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AUS's transport network delivers the goods

27 April, 2010

If it is mined, manufactured, grown or imported into Australia, chances are it will join the vast volume of goods moving around this country courtesy of the integrated logistics industry.

This technologically advanced complex web of seamless transport, storage and distribution services across Australia generates around $88 billion in revenue a year and employs over 357,000 people.

The total freight task (measured by the weight of goods multiplied by the distance transported) is expected to reach 412.8 billion tonne/kilometre in 2009-10. Over the last five years the size of this freight task has increased by 3.7% a year.

Road transport is the industry’s backbone. It generates nearly half the industry's revenue and accounts for around 40% of freight movements. Road freight has grown by just 0.8% a year since 2004-05.

Rail is the transport mode of choice for long-haul and bulk freight. On a tonne-per-kilometre basis rail is estimated to be three times more fuel efficient than road transport. Around 78% of freight transport between Perth and the east coast is by rail. In contrast around 93% of freight transfer between Sydney and Melbourne is by road.

The industry is currently nudging up against the capacity constraints of existing infrastructure. While many billions have been committed to upgrading capacity on roads, rails and ports, the investment in unlikely to significantly ease congestion on Australia's transport networks. The volume of container traffic alone is expected to nearly triple in the fifteen years to 2020. Double stacked containers on rail and an increase in the number of B-triple trucks on roads may be one of the easiest and most cost-effective means to provide some relief.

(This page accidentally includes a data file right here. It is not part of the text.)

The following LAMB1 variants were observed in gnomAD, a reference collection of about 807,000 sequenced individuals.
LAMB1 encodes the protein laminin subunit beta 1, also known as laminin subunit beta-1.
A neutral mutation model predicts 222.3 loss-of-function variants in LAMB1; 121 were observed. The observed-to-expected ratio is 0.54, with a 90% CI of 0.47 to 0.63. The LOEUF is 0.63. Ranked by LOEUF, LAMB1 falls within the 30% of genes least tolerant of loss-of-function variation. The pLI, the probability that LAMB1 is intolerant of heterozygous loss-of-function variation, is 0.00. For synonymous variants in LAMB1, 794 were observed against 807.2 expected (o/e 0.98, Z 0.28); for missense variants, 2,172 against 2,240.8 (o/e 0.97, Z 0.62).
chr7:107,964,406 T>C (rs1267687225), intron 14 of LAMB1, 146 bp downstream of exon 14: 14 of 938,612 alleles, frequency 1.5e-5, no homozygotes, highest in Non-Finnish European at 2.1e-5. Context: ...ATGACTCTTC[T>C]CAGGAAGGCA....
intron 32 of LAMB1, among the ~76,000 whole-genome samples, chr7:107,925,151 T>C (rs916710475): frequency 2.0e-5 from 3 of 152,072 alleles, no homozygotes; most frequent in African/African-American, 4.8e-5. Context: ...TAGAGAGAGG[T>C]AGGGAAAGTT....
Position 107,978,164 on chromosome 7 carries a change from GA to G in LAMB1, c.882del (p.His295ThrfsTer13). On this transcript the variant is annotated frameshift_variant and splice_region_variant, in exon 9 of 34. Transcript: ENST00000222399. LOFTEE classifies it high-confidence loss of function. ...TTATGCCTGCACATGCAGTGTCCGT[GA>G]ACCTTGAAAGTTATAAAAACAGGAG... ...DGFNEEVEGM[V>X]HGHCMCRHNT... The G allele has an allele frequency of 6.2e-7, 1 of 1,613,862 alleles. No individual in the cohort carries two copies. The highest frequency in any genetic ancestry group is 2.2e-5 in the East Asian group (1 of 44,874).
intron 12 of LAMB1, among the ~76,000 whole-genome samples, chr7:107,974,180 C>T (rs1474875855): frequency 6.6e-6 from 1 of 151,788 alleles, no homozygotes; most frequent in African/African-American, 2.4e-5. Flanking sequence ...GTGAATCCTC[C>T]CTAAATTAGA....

While infrastructure is strained, technological changes and the purchase by large operators of smaller transport companies beginning in the late 1980s have delivered an integrated and sophisticated supply chain. Technical developments have included Radio Frequency Identification (RFID) and barcode systems to monitor and track stock. This in turn has delivered cost and time savings, improved capacity utilisation and better management of inventory levels.

For the major companies in this industry, constraints may also have been reached in their capacity to expand in the Australian market. Over the next five years, the demand for logistics in the Asian region, where these companies have already built a solid international presence, presents further opportunities.

Within Australia over the next five years the integrated logistics industry will grow steadily by an expected 4.1% a year. Strong growth in freight volumes, high volumes of imports and exports, increased manufacturing activity, a larger population and increased outsourcing of the logistics function will underpin this performance. Rail freight will continue its renaissance as an alternate to road transport. The impact of any future carbon reduction policy upon this industry is likely to be significant, but it is currently unknown.

Source: IBISWorld

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